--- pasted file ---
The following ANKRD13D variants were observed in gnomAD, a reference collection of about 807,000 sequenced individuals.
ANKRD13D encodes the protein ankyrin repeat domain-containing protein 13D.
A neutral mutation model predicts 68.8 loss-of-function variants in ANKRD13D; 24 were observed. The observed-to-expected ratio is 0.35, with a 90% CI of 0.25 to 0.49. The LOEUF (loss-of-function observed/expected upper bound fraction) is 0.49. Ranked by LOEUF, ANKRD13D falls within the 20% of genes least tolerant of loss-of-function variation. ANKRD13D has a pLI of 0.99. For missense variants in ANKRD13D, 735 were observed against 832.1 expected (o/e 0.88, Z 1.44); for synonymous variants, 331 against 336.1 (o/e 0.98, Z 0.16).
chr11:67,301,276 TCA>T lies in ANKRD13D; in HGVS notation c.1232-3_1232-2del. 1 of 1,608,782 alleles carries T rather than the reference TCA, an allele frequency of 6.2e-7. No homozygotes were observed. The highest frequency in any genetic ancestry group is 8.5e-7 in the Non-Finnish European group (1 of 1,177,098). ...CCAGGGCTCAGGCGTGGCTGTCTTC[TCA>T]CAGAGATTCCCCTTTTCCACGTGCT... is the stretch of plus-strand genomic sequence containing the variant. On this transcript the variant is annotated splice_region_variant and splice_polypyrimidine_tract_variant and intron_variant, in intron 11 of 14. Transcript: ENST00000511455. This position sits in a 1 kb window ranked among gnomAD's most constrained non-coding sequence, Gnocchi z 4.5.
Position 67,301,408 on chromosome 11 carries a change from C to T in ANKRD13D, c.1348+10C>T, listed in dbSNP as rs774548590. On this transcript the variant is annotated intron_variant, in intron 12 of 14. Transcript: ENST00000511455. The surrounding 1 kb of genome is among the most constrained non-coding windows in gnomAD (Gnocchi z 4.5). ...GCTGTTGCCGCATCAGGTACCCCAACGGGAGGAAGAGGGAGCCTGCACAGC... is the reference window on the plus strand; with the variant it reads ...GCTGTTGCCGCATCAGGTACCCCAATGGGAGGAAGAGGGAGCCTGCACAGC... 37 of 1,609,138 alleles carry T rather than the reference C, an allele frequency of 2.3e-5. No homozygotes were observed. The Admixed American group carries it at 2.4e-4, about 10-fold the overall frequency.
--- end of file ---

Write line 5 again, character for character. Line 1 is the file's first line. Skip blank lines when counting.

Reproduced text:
Position 67,301,408 on chromosome 11 carries a change from C to T in ANKRD13D, c.1348+10C>T, listed in dbSNP as rs774548590. On this transcript the variant is annotated intron_variant, in intron 12 of 14. Transcript: ENST00000511455. The surrounding 1 kb of genome is among the most constrained non-coding windows in gnomAD (Gnocchi z 4.5). ...GCTGTTGCCGCATCAGGTACCCCAACGGGAGGAAGAGGGAGCCTGCACAGC... is the reference window on the plus strand; with the variant it reads ...GCTGTTGCCGCATCAGGTACCCCAATGGGAGGAAGAGGGAGCCTGCACAGC... 37 of 1,609,138 alleles carry T rather than the reference C, an allele frequency of 2.3e-5. No homozygotes were observed. The Admixed American group carries it at 2.4e-4, about 10-fold the overall frequency.